News Briefs: Whoops! Contractors Pour Concrete Into Sewers

In this weeks news, a construction-site error causes sewer woes, a water main break creates a 50-foot geyser, and a pilot program enlists homeowners.
News Briefs: Whoops! Contractors Pour Concrete Into Sewers

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The City of Hamilton, Ontario, is investigating how loads of concrete ended up in a municipal sewer during the construction of a transit station. A contract crew was working at the site and filling caissons when they realized that “one … took more concrete than they were expecting.”

“We know we’ve got a problem,” says Dan McKinnon, Hamilton’s director of water and wastewater, in a Hamilton Spectator article.

City workers used cameras to view the obstruction. McKinnon doesn’t anticipate the blockage will cause any problems for city residents because the affected sewer backs up into a tank. However, when asked by the Hamilton Spectator whether fixing the problem will be as expensive as it sounds, he replied, “I think you’d probably be right.”

The City will not be responsible for the cost of repairs. Officials are still investigating how the incident occurred to ensure it won’t happen again.

Source: The Hamilton Spectator

Water Main Break Creates 50-Foot Geyser

The Columbia (Tenn.) Power and Water Systems crew was called out last week to repair a water main break that startled some residents.

“It was something to see,” says CPWS Director Wes Kelley in a Columbia Daily Herald article. “We heard from a bystander the problem began around 3 a.m. He reported he saw the ground start to bubble, and then it sounded like a shotgun blast and it came right up through the pavement.”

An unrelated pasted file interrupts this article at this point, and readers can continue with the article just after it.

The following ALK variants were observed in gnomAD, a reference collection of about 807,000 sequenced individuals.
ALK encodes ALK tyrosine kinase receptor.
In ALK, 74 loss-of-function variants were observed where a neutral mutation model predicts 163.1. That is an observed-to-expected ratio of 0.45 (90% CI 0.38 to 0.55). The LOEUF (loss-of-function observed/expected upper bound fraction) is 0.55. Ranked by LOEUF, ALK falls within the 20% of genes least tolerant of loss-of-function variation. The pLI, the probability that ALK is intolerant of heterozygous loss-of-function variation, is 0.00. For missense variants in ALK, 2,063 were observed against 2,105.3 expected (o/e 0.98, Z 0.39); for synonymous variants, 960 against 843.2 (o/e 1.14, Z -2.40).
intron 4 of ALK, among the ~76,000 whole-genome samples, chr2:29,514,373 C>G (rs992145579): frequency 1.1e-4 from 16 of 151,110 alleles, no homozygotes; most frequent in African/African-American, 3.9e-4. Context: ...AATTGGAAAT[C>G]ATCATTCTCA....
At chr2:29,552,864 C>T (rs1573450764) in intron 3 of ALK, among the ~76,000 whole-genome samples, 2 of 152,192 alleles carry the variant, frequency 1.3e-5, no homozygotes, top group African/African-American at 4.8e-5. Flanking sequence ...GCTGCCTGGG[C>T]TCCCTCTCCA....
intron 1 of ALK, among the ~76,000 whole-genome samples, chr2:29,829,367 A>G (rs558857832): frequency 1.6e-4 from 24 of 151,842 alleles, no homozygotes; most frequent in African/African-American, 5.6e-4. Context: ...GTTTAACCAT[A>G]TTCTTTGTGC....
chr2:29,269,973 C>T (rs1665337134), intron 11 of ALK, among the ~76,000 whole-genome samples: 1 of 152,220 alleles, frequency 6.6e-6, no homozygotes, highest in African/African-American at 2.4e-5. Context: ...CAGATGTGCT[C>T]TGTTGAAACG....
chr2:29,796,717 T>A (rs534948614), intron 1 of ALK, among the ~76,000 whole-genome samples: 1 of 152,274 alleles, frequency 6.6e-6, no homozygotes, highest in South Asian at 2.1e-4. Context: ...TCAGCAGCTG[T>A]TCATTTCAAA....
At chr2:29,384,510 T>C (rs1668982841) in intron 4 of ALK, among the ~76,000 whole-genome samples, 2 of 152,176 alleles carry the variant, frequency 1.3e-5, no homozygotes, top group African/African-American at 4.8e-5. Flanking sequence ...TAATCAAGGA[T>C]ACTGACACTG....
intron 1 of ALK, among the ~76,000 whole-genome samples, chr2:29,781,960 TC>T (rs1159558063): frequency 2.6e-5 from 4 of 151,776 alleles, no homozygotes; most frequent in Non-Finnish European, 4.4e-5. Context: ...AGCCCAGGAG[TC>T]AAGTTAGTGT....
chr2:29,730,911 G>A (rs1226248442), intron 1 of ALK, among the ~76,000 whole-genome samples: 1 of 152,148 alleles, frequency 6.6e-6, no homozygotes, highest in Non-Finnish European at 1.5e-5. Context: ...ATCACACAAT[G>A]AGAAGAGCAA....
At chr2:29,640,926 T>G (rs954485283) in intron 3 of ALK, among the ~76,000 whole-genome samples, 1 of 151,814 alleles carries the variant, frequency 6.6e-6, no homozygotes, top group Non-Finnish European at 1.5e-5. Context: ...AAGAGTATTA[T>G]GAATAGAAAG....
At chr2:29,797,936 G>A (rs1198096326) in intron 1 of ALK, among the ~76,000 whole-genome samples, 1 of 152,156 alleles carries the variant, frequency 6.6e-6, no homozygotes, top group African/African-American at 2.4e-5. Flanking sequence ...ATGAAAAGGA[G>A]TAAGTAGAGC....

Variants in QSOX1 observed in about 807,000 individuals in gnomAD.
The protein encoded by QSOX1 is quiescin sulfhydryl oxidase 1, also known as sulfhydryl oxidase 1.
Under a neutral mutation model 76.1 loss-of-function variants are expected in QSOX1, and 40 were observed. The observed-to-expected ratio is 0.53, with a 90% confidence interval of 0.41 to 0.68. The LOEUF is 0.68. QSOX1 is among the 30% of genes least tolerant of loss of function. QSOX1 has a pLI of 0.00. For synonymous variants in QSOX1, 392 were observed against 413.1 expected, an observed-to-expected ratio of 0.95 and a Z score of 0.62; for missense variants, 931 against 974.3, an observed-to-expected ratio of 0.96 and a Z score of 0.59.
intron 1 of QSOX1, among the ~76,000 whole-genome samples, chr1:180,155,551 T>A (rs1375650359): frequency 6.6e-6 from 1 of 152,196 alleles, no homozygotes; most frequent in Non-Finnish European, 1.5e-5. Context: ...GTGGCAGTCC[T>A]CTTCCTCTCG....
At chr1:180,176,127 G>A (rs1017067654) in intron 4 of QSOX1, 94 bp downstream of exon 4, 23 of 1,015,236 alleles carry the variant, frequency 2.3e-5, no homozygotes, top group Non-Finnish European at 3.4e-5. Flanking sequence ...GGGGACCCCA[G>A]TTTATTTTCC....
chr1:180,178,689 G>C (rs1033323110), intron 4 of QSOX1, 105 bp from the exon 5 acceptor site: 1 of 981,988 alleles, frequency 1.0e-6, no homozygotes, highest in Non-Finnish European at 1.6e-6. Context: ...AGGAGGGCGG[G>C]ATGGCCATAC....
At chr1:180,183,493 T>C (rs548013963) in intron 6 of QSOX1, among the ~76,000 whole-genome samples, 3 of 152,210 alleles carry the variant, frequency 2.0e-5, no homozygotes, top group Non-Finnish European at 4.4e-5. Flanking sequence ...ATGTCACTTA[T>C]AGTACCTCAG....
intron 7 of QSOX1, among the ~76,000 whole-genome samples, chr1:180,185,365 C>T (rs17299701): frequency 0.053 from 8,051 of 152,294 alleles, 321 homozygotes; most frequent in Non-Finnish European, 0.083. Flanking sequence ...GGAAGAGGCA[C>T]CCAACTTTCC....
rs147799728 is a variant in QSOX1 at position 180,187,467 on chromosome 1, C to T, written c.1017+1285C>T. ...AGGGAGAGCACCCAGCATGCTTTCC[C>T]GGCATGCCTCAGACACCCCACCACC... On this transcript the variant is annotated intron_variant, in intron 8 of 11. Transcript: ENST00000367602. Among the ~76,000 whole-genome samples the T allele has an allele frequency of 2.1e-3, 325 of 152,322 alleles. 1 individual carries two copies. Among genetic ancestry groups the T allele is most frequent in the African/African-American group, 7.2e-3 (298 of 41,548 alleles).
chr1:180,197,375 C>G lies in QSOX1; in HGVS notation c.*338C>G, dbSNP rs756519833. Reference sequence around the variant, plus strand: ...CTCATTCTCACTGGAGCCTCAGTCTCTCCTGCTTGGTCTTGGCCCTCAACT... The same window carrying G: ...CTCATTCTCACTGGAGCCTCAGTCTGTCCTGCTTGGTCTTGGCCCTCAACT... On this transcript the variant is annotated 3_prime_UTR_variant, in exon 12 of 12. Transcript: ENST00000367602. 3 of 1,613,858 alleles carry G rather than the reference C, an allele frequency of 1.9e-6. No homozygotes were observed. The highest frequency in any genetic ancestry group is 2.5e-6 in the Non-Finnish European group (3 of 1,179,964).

The water shot an estimated 50 feet into the air.

The break occurred on the top of the 50-year-old cast iron pipe. To repair the main, crews reduced pressure but did not turn off the water completely. The repair work took five hours.

Source: Columbia Daily Herald

Milwaukee Proposes Preventive Sewer Maintenance for Select Homes

Homeowners in Milwaukee’s Cooper Park neighborhood have been asked to participate in preventative sewer maintenance. The City will pay to have foundation drains disconnected from laterals as part of a program to reduce stormwater entering sewer mains.

The City will use funds from a $62 million 10-year plan aimed at reducing stormwater problems in the Milwaukee Metropolitan Sewerage District. Meters in downstream sewer mains will measure flow to determine the program’s effectiveness.

Foundation drains will stay connected if there is less than 5 feet of lawn between the foundation and the property line.

“We need to keep water on the same property,” says Tim Thur, engineer for the Department of Public Works in a Journal-Sentinel article. “We will not drain to a sidewalk or the neighbor’s yard. We don’t want to create a nuisance.”

This is the second time Cooper Park homeowners have been involved in a trial program. In 2011, city contractors lined laterals at 432 homes to prevent infiltration.

Source: Milwaukee Journal Sentinel

NOAA Releases Lake Erie Algae Bloom Forecast

The summer blue-green algae season has started in Lake Erie, and forecasters at the National Oceanic and Atmospheric Administration are predicting an above-average bloom. The NOAA algae prediction model ranks the blooms on a scale of 1 to 10, with 10 being the most severe. This year, the bloom is ranked at a 5 or 6, which is nowhere near the record-setting 2011 season that scored a 10.

To create the forecasts, the NOAA calibrates 12 years of bloom observations from satellite imagery.

Algae blooms were particularly aggressive from the 1960s to 1980s. In 1988, a ban on phosphorus in laundry soap halted growth. However, phosphorus from fertilizer, stormwater runoff and wastewater treatment plants continues to affect the relatively shallow lake, creating oxygen-depleted dead zones.

The full report is available from the NOAA.

Source: The Weather Channel


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